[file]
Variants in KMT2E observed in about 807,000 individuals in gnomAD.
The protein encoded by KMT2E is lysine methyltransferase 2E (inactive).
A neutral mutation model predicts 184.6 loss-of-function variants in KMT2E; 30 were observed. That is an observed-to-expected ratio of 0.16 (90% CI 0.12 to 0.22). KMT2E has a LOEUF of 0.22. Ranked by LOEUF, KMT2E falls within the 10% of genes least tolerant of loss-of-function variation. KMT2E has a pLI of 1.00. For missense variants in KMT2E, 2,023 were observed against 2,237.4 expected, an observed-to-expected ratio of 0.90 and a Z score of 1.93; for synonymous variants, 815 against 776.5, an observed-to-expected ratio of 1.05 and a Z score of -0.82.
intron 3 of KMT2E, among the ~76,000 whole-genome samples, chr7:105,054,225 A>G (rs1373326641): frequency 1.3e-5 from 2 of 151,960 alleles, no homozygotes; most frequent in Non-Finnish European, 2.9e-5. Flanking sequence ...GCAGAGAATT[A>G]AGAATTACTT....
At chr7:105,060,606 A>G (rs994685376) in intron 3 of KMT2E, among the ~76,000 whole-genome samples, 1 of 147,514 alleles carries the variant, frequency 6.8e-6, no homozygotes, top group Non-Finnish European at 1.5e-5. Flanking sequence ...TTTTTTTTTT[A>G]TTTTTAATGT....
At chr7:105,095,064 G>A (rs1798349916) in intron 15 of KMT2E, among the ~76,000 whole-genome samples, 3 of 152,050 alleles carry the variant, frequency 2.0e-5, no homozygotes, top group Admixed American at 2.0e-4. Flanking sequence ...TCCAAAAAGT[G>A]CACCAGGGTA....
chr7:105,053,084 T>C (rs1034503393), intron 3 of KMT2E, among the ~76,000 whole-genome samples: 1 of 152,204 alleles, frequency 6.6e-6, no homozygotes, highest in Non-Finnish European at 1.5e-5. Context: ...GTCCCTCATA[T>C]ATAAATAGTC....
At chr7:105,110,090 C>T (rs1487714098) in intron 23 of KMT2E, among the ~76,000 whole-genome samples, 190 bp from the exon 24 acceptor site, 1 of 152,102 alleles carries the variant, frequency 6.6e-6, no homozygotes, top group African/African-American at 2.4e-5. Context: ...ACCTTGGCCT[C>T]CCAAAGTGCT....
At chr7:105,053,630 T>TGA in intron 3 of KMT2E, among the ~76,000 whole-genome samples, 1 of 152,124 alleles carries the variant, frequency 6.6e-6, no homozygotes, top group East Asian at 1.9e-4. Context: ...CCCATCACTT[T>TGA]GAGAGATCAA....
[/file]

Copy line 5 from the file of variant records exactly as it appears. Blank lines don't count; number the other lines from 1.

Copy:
At chr7:105,060,606 A>G (rs994685376) in intron 3 of KMT2E, among the ~76,000 whole-genome samples, 1 of 147,514 alleles carries the variant, frequency 6.8e-6, no homozygotes, top group Non-Finnish European at 1.5e-5. Flanking sequence ...TTTTTTTTTT[A>G]TTTTTAATGT....